One of the main points of this blog is a way for me to always be able to keep track of my own content, and ensure that it only leaves the Internet when I want it to. (The BH’s search functions are terrible, and the Daily Cardinal periodically seems to delete all of their old content.) This is sort of what John Udell calls Hosted Lifebits. I’m using WordPress at the moment, but I’m careful to use a URL that I control, and more importantly, I can always preserve the namespace no matter where I host it. I experimented some with Google App Engine to host the blog, because I’ve got some ideas for posts involving serious computation, but for now no GAE blog engine is as easy to use as WordPress. If I eventually move, however, it should be completely transparent.

Comments are off on the old posts. My original idea was to leave them off entirely. Again, I’m drawn to John Udell’s thinking on the subject, which is that each individual should ultimately be responsible for their own comments, though there’s presently no good way to do that. (For those of you wondering “wait a sec, didn’t he rail against people publishing their own stuff in his first post?” the answer is that publishing and syndicating are different.) I’m sympathetic, but less convinced, by Joel Spolsky/Dave Winer’s version of the argument. Finally, comments demand a fair amount of time, especially if you want it to be any sort of community. The Critical Badger has a great set of commenters, but ask him how much time he’s spent tending to them. There are other, more vibrant places for discussion, and I’d rather they get the traffic. However, I post so infrequently that comments aren’t really an issue, but I would encourage you to read Udell’s posts.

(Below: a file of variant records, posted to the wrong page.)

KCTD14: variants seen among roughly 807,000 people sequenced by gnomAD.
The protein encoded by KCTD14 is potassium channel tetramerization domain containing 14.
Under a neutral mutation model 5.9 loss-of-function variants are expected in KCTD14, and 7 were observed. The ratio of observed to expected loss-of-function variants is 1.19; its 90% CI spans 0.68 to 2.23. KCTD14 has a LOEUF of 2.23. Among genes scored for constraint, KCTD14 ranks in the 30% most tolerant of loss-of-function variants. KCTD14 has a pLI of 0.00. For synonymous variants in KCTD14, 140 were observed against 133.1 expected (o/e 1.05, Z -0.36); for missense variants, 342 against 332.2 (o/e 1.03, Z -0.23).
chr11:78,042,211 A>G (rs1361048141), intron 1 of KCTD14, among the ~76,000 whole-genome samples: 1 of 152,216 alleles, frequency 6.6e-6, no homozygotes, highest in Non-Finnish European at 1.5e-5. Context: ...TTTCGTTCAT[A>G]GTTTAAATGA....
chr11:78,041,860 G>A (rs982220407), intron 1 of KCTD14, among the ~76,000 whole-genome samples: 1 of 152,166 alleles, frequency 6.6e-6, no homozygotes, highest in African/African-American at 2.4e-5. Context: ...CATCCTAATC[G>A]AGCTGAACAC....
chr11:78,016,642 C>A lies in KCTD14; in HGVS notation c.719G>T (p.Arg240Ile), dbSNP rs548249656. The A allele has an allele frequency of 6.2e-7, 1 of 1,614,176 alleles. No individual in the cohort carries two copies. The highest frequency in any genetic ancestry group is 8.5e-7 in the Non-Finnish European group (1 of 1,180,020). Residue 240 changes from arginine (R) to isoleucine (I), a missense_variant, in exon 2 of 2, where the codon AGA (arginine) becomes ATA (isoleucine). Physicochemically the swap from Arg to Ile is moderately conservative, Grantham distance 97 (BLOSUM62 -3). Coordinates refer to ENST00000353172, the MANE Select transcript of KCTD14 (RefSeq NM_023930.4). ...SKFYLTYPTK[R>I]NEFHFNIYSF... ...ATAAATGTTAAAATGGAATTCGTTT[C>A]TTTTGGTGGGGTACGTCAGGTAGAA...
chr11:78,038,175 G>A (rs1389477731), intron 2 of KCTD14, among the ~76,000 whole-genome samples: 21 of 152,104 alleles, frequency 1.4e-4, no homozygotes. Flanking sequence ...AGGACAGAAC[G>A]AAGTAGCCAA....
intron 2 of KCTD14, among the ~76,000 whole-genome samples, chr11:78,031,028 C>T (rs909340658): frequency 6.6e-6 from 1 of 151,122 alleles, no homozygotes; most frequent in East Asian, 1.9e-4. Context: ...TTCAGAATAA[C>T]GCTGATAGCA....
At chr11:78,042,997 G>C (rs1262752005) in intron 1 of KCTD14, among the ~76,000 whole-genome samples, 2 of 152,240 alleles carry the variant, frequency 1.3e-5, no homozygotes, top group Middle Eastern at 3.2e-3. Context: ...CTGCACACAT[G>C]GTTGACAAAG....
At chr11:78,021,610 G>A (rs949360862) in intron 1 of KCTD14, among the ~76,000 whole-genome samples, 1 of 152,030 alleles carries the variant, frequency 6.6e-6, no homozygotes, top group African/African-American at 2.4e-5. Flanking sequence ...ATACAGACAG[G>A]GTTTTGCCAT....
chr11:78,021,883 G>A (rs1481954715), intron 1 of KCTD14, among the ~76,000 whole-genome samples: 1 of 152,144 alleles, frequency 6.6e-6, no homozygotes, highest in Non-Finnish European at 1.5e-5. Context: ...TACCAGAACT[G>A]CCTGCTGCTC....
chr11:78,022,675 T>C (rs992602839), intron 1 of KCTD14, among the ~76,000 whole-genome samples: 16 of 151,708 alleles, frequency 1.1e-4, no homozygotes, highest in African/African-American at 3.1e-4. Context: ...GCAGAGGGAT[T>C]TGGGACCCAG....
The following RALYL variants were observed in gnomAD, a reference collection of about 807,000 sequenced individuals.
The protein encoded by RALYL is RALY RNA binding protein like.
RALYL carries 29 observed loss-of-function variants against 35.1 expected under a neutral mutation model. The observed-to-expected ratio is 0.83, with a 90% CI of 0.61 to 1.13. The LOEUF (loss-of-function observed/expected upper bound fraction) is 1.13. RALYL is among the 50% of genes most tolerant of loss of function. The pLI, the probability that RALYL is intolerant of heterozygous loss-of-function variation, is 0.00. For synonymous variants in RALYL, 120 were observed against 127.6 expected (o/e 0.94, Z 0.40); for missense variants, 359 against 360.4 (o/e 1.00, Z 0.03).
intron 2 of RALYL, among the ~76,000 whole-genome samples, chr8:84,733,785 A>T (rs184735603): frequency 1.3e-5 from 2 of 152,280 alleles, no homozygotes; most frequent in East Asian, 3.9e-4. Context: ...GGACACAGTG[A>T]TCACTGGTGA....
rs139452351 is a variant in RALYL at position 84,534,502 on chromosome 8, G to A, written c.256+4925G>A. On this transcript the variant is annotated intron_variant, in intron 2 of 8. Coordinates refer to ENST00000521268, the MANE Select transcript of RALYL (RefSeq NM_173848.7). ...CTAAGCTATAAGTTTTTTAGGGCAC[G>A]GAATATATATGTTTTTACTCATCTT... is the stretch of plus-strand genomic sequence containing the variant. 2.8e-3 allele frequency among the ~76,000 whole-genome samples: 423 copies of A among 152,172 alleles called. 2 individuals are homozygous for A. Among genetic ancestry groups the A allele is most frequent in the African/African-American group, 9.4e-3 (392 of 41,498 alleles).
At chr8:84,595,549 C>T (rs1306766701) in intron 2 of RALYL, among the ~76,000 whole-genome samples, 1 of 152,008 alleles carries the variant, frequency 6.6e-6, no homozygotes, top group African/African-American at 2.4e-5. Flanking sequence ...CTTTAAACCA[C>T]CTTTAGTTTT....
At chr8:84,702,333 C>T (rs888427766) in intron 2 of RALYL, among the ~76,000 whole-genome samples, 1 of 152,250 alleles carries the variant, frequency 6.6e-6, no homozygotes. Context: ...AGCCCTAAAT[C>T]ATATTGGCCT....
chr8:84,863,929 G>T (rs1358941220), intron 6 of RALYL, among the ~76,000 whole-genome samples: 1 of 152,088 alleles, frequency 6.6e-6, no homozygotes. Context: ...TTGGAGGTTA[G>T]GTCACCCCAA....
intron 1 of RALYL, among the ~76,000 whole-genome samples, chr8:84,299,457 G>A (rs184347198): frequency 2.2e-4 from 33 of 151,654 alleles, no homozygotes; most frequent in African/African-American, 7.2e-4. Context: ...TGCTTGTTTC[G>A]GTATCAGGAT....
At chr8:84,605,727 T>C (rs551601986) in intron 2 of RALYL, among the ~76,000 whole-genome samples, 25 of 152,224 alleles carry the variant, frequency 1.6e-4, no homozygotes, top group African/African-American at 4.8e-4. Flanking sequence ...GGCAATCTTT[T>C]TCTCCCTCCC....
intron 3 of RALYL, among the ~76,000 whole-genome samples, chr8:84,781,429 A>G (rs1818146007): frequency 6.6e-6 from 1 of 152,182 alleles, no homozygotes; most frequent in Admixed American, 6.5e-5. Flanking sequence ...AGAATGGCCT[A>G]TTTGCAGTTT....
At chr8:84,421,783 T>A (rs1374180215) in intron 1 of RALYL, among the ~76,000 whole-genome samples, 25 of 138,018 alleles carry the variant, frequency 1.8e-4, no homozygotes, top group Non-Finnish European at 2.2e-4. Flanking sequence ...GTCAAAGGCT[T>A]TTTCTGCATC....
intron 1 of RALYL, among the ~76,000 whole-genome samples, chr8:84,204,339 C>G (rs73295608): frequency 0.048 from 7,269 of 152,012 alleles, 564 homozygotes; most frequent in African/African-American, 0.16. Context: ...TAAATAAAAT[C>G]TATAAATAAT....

Use Senior Gift to honor ‘Sifting’ (November 2009)

[This originally appeared in the November 12th issue of the Badger Herald]

You’ve probably never thought much about the UW class gift, or even known that graduating classes give one. However, there is good reason to pay attention in 2010. This spring is the 100th anniversary of the class of 1910’s gift, the Sifting and Winnowing plaque on the front of Bascom Hall. The very prominent plaque captures our motto of academic freedom: the university “should ever encourage that continual and fearless sifting and winnowing by which alone the truth can be found.”